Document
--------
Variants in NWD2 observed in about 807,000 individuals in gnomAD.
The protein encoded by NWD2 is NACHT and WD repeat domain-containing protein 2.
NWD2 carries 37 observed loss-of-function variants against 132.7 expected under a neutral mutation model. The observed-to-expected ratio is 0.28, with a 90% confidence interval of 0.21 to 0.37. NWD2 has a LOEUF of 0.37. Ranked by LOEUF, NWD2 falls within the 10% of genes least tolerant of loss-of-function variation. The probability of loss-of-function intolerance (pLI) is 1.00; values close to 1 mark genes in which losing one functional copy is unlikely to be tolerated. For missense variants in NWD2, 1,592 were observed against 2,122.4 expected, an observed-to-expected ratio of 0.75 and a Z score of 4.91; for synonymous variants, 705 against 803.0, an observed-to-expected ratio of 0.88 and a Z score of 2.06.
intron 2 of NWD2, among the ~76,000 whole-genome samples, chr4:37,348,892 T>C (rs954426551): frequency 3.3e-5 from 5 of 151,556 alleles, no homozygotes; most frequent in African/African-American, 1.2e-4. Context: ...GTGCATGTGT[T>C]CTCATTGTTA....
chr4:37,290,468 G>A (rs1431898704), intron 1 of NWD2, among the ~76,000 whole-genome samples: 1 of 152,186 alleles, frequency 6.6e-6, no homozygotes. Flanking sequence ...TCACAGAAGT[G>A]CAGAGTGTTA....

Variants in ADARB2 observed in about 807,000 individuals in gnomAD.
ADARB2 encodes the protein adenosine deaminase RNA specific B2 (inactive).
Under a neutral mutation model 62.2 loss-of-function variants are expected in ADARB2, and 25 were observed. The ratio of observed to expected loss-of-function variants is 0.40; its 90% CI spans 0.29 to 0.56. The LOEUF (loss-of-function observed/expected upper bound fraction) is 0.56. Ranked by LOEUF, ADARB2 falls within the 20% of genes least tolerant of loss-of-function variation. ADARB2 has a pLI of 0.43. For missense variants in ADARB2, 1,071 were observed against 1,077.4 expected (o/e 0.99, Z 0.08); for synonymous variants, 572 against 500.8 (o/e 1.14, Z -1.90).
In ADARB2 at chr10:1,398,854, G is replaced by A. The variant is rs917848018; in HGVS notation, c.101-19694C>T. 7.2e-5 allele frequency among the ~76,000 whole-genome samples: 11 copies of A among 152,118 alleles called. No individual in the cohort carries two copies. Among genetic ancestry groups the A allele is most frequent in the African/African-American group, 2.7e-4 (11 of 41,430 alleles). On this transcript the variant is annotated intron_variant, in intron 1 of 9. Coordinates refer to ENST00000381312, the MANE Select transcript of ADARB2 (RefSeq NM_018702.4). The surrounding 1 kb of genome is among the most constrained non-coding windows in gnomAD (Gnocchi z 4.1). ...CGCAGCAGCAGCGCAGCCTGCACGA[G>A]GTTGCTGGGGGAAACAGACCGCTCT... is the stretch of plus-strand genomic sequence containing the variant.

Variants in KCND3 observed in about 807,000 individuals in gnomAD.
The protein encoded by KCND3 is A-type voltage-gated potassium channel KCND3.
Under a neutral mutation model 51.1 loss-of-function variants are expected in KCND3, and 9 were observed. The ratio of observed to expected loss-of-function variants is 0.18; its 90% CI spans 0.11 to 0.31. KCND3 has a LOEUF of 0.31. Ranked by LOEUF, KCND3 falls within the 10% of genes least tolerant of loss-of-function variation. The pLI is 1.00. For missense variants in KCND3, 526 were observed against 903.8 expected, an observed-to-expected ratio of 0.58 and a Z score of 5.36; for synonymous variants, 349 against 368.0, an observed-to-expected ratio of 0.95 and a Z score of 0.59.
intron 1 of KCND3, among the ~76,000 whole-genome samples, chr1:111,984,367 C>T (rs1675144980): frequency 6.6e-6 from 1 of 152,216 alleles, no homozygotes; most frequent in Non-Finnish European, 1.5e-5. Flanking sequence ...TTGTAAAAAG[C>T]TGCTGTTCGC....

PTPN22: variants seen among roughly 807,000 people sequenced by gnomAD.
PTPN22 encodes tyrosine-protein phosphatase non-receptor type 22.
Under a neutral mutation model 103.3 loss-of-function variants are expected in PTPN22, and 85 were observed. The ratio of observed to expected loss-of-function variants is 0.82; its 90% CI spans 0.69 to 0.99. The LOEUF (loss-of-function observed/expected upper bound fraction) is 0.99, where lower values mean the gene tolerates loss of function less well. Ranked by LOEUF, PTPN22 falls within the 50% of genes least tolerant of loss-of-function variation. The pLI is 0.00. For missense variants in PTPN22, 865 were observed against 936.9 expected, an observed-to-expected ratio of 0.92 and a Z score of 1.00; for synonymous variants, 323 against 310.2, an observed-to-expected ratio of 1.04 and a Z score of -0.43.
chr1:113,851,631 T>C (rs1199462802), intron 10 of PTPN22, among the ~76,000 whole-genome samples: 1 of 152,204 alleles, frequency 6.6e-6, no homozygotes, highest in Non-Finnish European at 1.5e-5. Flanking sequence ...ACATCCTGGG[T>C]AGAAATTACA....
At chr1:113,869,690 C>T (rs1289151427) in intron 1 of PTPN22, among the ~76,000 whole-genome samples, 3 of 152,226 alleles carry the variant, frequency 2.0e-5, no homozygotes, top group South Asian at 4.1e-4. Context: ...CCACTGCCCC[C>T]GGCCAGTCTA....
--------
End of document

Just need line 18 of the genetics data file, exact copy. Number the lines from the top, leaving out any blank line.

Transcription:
At chr1:113,869,690 C>T (rs1289151427) in intron 1 of PTPN22, among the ~76,000 whole-genome samples, 3 of 152,226 alleles carry the variant, frequency 2.0e-5, no homozygotes, top group South Asian at 4.1e-4. Context: ...CCACTGCCCC[C>T]GGCCAGTCTA....